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5/248. Transposition of the lingual thyroid: A new alternative technique.

    BACKGROUND: In symptomatic lingual thyroid, surgical transposition of the gland with its vascular supply intact seems to have superior results to those obtained by surgical ablation and autotransplantation. However, the procedure should be simple, reproducible, reliable, and cause less morbidity as well as providing simple access to and evaluation of the gland postoperatively. methods: We present the case of a 33-year-old female with lingual thyroid who was treated by transposing the whole gland to the lateral pharyngeal wall through a lateral pharyngotomy incision. The transposed lingual thyroid was nourished by a random tongue muscle pedicle flap. RESULT: At the 5-month postoperative stage, iodine scanning reviewed the radioactivity uptake of the transposed gland. Even though the patient was not on postoperative thyroid hormone supplement, her thyroid function gradually returned to normal after initially showing hypothyroid postoperatively. CONCLUSION: This new technique for transposition of lingual thyroid is simple and reliable and should be considered as an alternative method in the management of symptomatic patients.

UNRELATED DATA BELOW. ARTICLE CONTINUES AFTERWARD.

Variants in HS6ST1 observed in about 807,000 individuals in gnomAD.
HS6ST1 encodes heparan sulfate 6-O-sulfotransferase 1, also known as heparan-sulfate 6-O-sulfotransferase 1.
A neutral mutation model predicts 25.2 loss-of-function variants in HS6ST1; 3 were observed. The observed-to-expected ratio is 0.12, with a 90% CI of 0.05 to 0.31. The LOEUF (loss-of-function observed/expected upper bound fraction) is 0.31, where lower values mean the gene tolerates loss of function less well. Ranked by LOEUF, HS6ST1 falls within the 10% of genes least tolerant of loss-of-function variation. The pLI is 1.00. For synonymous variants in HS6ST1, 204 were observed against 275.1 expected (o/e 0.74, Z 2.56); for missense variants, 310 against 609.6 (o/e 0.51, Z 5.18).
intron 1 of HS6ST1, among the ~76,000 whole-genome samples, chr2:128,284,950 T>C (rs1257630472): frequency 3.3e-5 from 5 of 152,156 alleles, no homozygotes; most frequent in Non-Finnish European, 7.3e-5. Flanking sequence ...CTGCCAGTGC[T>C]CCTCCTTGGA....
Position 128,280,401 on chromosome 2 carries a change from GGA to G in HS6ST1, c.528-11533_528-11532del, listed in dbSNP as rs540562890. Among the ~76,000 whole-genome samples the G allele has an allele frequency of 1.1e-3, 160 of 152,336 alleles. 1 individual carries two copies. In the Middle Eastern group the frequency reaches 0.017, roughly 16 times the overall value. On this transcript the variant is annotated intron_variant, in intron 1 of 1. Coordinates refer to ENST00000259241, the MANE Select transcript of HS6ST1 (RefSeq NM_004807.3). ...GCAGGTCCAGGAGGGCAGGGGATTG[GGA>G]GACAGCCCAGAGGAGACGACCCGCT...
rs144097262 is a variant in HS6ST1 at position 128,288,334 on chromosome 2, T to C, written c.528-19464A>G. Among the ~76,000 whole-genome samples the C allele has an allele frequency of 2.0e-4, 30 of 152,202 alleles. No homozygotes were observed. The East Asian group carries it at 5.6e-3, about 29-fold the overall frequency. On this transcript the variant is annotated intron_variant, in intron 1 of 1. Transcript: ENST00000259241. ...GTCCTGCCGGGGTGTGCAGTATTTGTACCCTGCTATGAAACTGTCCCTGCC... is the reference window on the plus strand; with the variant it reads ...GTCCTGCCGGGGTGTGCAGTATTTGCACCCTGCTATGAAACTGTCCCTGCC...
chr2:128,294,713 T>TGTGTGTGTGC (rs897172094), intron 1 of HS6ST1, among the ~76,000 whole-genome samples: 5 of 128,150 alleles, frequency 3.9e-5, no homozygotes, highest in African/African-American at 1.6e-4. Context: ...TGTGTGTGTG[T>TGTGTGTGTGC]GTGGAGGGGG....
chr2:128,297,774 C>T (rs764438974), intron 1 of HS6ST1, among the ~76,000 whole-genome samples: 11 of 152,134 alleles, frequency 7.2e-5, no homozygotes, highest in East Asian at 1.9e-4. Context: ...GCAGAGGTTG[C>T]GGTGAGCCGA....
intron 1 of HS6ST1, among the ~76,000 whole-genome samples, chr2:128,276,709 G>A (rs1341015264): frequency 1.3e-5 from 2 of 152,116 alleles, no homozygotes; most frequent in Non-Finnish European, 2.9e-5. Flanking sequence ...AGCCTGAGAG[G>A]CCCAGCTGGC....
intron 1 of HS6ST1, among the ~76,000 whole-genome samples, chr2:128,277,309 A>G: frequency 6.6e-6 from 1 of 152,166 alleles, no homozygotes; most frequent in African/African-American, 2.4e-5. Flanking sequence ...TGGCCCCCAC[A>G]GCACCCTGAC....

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6/248. Phakomatous choristoma may be located in the eyelid or orbit or both.

    PURPOSE: Phakomatous choristoma is a rare congenital tumour of lenticular origin. The exact location at clinical presentation is controversial, but herein we provide evidence that phakomatous choristoma may be located in the lower eyelid or orbit or both. methods: Case report of an infant presenting with a mass in the lower eyelid at birth, a systematic review of previous cases of phakomatous choristoma and an outline of the histopathological features in normal mid-facial embryonic development at different gestational ages. RESULTS: The histopathological features of the present case were consistent with those of a phakomatous choristoma. The preoperative imaging studies and clinical findings at surgery suggested that the tumour occupied parts of both the lower eyelid and anterior orbit. Histopathological sections of a normal human embryo showed that at the 26-mm stage of development the embryonic lens is formed but the bony walls defining the orbit are not yet present. CONCLUSION: Phakomatous choristoma arises in a setting of undifferentiated mesenchymal tissue which later may develop into the lower eyelid or orbit depending on the choristomatous elements being deposited superficial or deep to the embryonic surface.
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7/248. Salivary gland choristoma in the middle ear: a case report.